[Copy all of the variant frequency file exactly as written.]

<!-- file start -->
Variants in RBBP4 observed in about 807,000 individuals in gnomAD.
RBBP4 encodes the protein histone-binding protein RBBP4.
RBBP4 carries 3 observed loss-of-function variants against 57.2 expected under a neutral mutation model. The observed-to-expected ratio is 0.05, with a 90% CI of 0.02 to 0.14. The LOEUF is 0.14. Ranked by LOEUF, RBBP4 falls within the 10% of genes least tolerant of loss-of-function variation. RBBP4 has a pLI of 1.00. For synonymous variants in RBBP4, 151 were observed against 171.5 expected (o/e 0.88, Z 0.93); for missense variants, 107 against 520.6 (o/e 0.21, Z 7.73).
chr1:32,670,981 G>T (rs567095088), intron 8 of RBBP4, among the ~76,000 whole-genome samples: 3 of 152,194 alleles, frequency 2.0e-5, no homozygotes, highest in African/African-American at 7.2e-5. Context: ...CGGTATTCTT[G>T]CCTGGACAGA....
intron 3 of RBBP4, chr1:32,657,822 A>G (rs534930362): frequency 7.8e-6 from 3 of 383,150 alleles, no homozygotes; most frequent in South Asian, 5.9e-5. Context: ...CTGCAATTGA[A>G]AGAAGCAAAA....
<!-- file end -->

Variants in RBBP4 observed in about 807,000 individuals in gnomAD.
RBBP4 encodes the protein histone-binding protein RBBP4.
RBBP4 carries 3 observed loss-of-function variants against 57.2 expected under a neutral mutation model. The observed-to-expected ratio is 0.05, with a 90% CI of 0.02 to 0.14. The LOEUF is 0.14. Ranked by LOEUF, RBBP4 falls within the 10% of genes least tolerant of loss-of-function variation. RBBP4 has a pLI of 1.00. For synonymous variants in RBBP4, 151 were observed against 171.5 expected (o/e 0.88, Z 0.93); for missense variants, 107 against 520.6 (o/e 0.21, Z 7.73).
chr1:32,670,981 G>T (rs567095088), intron 8 of RBBP4, among the ~76,000 whole-genome samples: 3 of 152,194 alleles, frequency 2.0e-5, no homozygotes, highest in African/African-American at 7.2e-5. Context: ...CGGTATTCTT[G>T]CCTGGACAGA....
intron 3 of RBBP4, chr1:32,657,822 A>G (rs534930362): frequency 7.8e-6 from 3 of 383,150 alleles, no homozygotes; most frequent in South Asian, 5.9e-5. Context: ...CTGCAATTGA[A>G]AGAAGCAAAA....